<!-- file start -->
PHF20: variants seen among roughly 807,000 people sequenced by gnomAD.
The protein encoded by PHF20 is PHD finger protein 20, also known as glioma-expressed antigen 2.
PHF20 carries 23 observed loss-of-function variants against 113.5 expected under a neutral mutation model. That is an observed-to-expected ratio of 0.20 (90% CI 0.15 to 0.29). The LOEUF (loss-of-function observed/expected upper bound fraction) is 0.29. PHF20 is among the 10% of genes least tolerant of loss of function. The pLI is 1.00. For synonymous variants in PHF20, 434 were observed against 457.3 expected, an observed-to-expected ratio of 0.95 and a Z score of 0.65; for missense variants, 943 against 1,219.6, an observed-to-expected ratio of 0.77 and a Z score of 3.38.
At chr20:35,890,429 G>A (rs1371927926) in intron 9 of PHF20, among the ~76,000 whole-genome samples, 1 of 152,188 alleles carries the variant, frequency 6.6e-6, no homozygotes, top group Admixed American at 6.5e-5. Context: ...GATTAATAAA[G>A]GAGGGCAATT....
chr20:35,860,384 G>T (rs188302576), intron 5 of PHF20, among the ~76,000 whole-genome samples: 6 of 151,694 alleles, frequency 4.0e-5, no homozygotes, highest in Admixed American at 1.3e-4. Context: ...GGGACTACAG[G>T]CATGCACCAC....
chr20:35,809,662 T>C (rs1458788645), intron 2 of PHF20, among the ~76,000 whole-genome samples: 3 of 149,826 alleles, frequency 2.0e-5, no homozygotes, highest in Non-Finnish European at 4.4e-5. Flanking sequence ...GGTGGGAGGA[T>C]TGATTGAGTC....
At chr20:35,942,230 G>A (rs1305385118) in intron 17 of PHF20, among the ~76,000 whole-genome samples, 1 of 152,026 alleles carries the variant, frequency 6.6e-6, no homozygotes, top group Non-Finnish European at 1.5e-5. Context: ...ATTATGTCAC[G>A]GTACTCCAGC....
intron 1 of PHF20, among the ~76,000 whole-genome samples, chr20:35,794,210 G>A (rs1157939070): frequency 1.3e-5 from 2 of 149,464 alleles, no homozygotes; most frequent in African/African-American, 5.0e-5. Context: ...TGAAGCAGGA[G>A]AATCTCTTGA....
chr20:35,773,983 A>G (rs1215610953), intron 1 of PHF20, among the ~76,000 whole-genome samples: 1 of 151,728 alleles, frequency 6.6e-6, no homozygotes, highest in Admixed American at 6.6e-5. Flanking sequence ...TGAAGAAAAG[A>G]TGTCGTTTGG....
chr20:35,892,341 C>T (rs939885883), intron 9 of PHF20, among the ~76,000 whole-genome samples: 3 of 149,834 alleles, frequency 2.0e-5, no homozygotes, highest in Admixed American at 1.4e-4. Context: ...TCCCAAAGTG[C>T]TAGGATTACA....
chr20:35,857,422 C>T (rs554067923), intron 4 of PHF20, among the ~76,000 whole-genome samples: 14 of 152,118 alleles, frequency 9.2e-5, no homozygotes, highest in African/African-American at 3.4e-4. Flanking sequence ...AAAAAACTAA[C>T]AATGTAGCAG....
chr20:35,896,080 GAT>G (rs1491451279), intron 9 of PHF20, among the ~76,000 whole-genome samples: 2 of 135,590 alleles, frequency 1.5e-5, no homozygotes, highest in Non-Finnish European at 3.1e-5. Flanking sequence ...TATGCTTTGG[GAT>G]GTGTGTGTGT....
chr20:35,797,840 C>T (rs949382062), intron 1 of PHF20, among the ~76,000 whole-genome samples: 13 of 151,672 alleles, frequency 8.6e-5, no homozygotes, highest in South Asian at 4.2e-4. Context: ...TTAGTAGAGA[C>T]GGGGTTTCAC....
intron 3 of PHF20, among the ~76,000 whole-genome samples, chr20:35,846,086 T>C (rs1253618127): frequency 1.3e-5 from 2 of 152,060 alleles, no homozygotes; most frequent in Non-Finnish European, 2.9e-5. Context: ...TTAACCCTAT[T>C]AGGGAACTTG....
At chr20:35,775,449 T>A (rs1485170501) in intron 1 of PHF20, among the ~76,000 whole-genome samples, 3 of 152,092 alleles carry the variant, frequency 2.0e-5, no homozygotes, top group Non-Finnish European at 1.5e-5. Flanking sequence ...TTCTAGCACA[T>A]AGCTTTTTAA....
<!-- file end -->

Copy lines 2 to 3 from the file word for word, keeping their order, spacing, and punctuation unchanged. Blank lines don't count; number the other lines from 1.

The protein encoded by PHF20 is PHD finger protein 20, also known as glioma-expressed antigen 2.
PHF20 carries 23 observed loss-of-function variants against 113.5 expected under a neutral mutation model. That is an observed-to-expected ratio of 0.20 (90% CI 0.15 to 0.29). The LOEUF (loss-of-function observed/expected upper bound fraction) is 0.29. PHF20 is among the 10% of genes least tolerant of loss of function. The pLI is 1.00. For synonymous variants in PHF20, 434 were observed against 457.3 expected, an observed-to-expected ratio of 0.95 and a Z score of 0.65; for missense variants, 943 against 1,219.6, an observed-to-expected ratio of 0.77 and a Z score of 3.38.